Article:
Time to revive multilateralism in its true spirit

Rashmi Banga | Updated on September 22, 2020

UNCTAD wants trade globalisation and the nation-state to mutually reinforce themselves, and not turn into competitors

The Covid-19 pandemic has exposed the inherent weaknesses of the hyper-globalised world.

UNCTAD’s Trade and Development Report 2020, From Global Pandemic to Prosperity for All: Avoiding Another Lost Decade, suggests that the hard push towards ‘free trade’, which is continuing even during the pandemic, has deepened inequalities at all levels and fractured the spirit of multilateralism leading to a growing trust deficit in multilateral organisations like the WTO.


Global economy

As a result of the pandemic, the global economy will contract this year by over 4 per cent, with an estimated swing of 6.8 percentage points leaving a shortfall in global output by the year’s end of over $6 trillion.

The world economy will be “90% economy”, that is, smaller than before but much more fragile, more unequal and more vulnerable to future shocks. The world will experience a “K”-shaped recovery, with a “V-shaped” recovery for the wealthy and a struggle for everyone else. Our estimates show that the V-shaped recovery may not bring back the world economy to the 2019 level of growth.

The developed world will contract by 5.8 per cent this year and experience a growth recovery of 3.1 per cent in 2021, failing to fully recover the lost growth.

The developing countries will more than recover the lost growth but mainly on account of China. India is expected to grow by 3.9 per cent in 2021 from a negative growth of 5.9 per cent.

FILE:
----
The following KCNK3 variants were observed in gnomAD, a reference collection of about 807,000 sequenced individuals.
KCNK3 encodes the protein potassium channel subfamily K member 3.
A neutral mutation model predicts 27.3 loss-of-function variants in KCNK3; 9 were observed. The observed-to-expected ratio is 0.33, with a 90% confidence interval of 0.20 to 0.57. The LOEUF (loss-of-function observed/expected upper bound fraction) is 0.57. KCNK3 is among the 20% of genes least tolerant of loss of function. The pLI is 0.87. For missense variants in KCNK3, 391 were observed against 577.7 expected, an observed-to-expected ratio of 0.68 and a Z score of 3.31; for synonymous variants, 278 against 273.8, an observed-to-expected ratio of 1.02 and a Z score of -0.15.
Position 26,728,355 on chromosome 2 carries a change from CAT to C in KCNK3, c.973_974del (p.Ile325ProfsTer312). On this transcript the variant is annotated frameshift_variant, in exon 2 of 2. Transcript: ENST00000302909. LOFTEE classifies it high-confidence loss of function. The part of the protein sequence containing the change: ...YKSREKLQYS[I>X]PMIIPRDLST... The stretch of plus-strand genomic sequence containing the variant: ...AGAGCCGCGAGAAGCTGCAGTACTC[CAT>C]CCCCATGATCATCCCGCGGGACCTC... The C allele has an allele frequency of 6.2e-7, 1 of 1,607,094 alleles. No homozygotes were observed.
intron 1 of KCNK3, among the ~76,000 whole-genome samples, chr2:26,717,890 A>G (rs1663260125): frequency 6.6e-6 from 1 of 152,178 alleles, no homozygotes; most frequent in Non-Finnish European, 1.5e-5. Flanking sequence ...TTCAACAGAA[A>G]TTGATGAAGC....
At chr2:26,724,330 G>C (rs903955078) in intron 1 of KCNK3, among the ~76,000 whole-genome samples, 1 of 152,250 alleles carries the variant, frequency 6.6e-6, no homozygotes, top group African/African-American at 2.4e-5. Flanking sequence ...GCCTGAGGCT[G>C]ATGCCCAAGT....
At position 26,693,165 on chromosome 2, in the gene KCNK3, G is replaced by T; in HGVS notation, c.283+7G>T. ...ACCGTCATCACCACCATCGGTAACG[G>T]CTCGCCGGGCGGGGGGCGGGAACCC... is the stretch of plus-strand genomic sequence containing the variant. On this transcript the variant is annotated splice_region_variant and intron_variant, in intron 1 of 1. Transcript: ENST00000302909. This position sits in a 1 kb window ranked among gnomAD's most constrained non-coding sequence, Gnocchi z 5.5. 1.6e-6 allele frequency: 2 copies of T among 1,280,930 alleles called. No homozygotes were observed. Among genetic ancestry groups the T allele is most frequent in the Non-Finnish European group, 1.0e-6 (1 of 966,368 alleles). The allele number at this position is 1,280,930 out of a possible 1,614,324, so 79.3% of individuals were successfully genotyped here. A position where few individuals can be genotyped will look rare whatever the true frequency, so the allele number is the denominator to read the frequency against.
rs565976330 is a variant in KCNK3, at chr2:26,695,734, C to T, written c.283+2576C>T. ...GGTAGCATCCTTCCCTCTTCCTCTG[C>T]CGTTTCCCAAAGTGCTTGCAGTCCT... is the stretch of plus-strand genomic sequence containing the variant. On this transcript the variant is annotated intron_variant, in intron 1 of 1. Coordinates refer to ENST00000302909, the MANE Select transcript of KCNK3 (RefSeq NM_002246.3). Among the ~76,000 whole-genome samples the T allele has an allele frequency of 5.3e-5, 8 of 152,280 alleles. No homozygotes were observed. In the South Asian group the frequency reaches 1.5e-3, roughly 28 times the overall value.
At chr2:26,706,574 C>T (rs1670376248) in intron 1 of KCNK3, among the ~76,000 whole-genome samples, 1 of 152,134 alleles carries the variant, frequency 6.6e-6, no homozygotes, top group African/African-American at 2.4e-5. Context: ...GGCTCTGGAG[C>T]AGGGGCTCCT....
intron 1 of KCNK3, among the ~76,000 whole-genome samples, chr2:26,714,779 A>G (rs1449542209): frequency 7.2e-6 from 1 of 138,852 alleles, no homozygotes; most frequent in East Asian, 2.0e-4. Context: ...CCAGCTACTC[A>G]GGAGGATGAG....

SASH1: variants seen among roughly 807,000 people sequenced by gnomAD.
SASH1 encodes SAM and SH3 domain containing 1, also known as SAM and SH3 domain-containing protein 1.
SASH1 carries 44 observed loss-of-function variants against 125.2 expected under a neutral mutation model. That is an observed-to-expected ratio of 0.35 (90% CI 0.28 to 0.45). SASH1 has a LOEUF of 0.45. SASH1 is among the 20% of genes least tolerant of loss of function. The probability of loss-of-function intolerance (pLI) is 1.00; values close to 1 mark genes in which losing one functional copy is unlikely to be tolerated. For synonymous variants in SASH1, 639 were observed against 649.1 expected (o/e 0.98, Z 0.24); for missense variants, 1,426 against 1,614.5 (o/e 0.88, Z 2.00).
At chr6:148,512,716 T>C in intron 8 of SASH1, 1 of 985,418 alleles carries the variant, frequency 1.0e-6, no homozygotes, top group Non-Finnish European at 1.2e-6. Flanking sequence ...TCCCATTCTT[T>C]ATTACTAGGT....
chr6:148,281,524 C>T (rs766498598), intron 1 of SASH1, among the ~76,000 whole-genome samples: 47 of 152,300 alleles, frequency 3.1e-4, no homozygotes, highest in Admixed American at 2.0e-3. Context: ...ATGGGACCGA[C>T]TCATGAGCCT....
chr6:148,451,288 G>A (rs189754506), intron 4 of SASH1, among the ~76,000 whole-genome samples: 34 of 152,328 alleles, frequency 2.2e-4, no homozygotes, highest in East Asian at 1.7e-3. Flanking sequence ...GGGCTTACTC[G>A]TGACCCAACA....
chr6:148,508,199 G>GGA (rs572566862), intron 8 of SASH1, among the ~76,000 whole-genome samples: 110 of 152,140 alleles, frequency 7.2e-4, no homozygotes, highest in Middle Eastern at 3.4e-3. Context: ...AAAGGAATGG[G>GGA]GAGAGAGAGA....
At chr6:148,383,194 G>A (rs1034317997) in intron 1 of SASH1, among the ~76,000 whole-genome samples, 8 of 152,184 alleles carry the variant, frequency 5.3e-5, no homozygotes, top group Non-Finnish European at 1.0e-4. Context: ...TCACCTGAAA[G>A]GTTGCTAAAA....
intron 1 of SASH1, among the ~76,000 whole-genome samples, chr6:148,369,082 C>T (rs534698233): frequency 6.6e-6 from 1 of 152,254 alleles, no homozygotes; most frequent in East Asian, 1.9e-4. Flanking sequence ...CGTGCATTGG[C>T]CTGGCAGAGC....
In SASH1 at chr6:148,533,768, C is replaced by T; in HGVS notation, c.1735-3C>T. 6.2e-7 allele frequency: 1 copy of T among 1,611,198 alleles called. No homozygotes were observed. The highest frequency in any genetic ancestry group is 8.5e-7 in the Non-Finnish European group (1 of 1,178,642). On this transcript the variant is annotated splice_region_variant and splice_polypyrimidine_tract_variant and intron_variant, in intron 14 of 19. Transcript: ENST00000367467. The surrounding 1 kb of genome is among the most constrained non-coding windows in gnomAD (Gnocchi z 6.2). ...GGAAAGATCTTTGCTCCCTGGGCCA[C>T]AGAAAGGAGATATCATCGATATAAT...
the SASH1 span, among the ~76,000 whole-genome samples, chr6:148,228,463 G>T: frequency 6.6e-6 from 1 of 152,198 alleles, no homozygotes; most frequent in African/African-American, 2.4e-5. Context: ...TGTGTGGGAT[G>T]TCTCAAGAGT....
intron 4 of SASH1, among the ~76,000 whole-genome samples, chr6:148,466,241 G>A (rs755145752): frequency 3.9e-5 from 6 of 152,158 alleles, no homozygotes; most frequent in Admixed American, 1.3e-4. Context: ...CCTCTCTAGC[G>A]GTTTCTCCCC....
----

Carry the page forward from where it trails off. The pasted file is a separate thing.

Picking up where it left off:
The Covid-19 pandemic has provided a second chance to recover better. What the world needs now is an enhanced role of state in terms of commitment to full employment and social protection. It is also the perfect time to revive multilateralism in a way that it recovers its trust deficit.

UNCTAD proposes a temporary “Peace Clause” in the WTO and in the FTAs (free trade agreements) on pandemic-related government actions which will enable countries to quickly adopt and use emergency measures to overcome intellectual property, data, and informational barriers.

Negotiations launched in Doha in 2001, officially the ‘Doha Development Agenda’, represented an attempt to rebalance the trading system in important respects.

Moving forward, concluding the Doha Round and delivering on the Doha Development Agenda in the WTO would be a way to restore trust in the trading system with a commitment to special and differential treatment as a prerequisite for ensuring a fair outcome.

Digital rules

Industry 4.0 has created new challenges for the developing countries. To bridge the digital divide, policy space will be needed. New issues, such as the digital rules which are being negotiated by a group of countries under Joint Statement Initiative can severely limit this policy space.

Therefore, these rules should not be multilateralised until developing countries fully understand their development implications.

It is important to revive multilateralism in its true spirit so that trade globalisation and the nation-state do not become competitors but mutually reinforce themselves.

The Senior Economic Affairs Officer, Division on Globalisation and Development Strategies, UNCTAD.

Published on September 22, 2020

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